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Last Child in the Woods…

lastchildpbcover.jpgI just finished reading “Last Child in the Woods – Saving our Children from Nature Deficit Disorder” by Richard Louv….it was, to say the least, an interesting read, and one that made me think of my own childhood. I would highly recommend it, and am planning myself to buy several copies for the school administrators of my children’s school district.

Louv’s premise is that today’s children have lost touch with Nature, and by doing so, are losing out on a major component of their total learning experience. There is certainly more to it than that, but that’s the nickel tour…there are enough other reviews and synopsis around that you don’t need me to write another one.

My major fault with the book, as important a work as I believe it to be, is that it seems incomplete. While Louv gives some examples of school districts and communities that are trying things to bring kids back to nature, he doesn’t really say what the rest of the schools and communities should do. Perhaps its because the answer isn’t that simple, and that each community has it’s own set of issues to deal with, but what I took from it is that the problem is so big, it’s ludicrous to even think about a grand solution.

To me, like many of the issues with today’s education system, the solution to this problem starts at home. Granted, the world is a very different place than it was when I was a kid running around the neighborhood building forts, tree-houses, and getting muddy. Hell, my children’s mother doesn’t even allow them to get muddy for fear they’ll get ring-worms or something. But with the reality of whacked out psycho-paths on the prowl for young children, many of our fears do have foundation. So what to do?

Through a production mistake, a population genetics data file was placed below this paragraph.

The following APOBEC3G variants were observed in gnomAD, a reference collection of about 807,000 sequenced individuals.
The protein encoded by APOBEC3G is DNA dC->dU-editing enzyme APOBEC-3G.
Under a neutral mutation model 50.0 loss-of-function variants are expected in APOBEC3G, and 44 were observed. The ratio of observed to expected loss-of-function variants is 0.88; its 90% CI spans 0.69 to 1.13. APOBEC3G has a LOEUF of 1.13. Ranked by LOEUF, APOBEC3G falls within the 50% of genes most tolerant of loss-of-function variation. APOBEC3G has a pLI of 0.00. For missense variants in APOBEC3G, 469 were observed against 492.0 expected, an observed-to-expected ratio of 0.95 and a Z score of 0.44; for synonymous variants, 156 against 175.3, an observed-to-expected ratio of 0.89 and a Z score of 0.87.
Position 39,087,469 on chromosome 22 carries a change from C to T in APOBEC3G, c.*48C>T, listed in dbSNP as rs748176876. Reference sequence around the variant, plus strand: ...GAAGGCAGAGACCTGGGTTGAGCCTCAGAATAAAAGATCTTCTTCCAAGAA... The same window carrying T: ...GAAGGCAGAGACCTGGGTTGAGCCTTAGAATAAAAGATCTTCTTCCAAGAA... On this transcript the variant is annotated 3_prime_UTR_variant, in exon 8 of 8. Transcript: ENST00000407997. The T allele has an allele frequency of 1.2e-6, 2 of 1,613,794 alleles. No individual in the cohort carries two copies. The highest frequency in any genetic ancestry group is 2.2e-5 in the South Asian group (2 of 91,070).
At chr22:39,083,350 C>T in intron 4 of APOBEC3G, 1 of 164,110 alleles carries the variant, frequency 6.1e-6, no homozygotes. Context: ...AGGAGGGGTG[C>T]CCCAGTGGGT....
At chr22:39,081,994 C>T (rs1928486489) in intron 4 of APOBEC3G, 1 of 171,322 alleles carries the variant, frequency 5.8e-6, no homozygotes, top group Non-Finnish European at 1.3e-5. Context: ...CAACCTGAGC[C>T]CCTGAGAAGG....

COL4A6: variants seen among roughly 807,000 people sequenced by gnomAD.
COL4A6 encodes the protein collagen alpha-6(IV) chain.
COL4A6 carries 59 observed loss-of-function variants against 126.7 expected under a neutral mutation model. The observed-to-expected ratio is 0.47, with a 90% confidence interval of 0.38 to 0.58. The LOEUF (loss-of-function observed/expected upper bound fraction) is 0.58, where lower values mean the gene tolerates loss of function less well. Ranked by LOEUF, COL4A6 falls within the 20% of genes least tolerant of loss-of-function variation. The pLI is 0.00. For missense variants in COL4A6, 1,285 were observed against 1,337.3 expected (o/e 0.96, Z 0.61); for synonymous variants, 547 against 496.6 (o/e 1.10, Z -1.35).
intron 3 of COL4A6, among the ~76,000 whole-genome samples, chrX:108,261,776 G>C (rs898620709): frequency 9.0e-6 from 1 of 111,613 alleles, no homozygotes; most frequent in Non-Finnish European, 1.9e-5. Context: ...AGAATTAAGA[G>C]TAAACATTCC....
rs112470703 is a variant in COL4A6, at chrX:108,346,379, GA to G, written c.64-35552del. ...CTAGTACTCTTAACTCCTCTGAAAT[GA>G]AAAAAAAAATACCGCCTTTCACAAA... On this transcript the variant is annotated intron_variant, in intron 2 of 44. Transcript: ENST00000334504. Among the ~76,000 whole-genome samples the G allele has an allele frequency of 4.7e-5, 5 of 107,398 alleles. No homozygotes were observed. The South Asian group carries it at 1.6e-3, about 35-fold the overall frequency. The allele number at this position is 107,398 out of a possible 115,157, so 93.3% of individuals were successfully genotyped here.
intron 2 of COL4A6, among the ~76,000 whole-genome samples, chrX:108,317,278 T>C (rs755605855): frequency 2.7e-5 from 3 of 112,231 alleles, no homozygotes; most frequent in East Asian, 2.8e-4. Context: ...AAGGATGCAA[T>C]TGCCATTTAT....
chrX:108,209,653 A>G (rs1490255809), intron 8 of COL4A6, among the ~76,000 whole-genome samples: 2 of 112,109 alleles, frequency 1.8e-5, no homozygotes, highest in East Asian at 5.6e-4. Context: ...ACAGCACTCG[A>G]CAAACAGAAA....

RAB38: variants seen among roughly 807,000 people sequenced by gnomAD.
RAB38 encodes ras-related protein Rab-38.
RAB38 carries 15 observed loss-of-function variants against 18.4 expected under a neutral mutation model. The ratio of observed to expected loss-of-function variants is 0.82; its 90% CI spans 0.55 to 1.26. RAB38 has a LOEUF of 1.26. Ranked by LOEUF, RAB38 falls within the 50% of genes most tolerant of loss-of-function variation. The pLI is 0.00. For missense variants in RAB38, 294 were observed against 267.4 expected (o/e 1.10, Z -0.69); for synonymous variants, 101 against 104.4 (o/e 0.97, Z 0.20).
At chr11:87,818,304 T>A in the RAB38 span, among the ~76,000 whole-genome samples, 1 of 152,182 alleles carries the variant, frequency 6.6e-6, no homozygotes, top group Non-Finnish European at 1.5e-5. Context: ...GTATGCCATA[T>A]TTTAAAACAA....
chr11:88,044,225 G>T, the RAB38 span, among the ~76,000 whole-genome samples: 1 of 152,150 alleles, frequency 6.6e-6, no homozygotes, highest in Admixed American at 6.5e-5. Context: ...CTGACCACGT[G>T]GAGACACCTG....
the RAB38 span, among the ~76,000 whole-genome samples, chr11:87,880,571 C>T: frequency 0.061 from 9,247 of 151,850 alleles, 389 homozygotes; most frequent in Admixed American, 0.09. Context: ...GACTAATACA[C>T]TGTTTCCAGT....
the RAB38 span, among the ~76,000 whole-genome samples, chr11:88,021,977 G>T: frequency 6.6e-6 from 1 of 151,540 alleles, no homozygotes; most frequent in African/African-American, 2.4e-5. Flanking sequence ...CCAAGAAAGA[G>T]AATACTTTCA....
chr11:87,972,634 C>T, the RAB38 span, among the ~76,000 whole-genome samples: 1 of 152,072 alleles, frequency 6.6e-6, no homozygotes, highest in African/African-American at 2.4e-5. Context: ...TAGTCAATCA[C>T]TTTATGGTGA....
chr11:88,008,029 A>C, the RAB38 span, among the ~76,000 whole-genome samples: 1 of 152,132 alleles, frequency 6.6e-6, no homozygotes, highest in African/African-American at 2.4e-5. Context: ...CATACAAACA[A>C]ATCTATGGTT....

Our family – my wife, her daughter and my two children – do as much as we can to spend our weekend time outdoors as we can. Unfortunately, I only have my children with us every other week, but when we do, we make it a point to plan some outdoor activity – typically we’ll drive down to the Finger Lakes area and hike on of the many waterfall-lined trails we are blessed with in this part of New York. And while these trips are not super-rugged, they do get the kids out experiencing nature first hand. Last summer the three kids spent one hike trying to ‘out-find’ each other, and turned up frogs, toads, salamanders and bugs I had missed – but the point is they were looking! And despite the fact that their little legs got tired, they had fun…

This is not the same as the unstructured wild play time Louv suggests is so important, but in the context of today’s world, I know it’s more than many of their friends get.

One other interesting point I’d like to add – I know there are many forums that criticize Bear Grylls and his Discovery Channel show Man vs Wild. I have a different perspective, and proof positive of his impact. No, his shows are not NOLS level survival courses, and yes, he likely makes some foolish decisions that might adversely impact your chance for survival should you be in a situation such as he places himself. But – my kids LOVE this show, and they love him, and because of watching his show, they are more intrigued than ever to get back out into the woods and try new things. Last weekend it snowed here (and yes, it’s snowing quite a bit now) – rather than spend the weekend in front of the telly, my kids went out in our yard, found several 7′ gardening stakes, some rope and a tarp (OK, so it was the one covering my firewood – whatever!). In the back of our yard under some trees and against the fence, they lashed the poles to the fence, and tied the tarp over the frame they built, and built a perfectly excellent shelter. Like their hero Bear, they made a camp, and even made a make-believe firepit in the shelter to cook on.Even as I look out back now with the 10 inches of snow we’ve had since last night, it’s still standing, and if they were here this week, I know they’d be out there. So while Bear isn’t necessarily going to save your life, he might just save your family from Nature Deficit Disorder, and I think even Richard Louv would be happy with that!

You gotta start somewhere…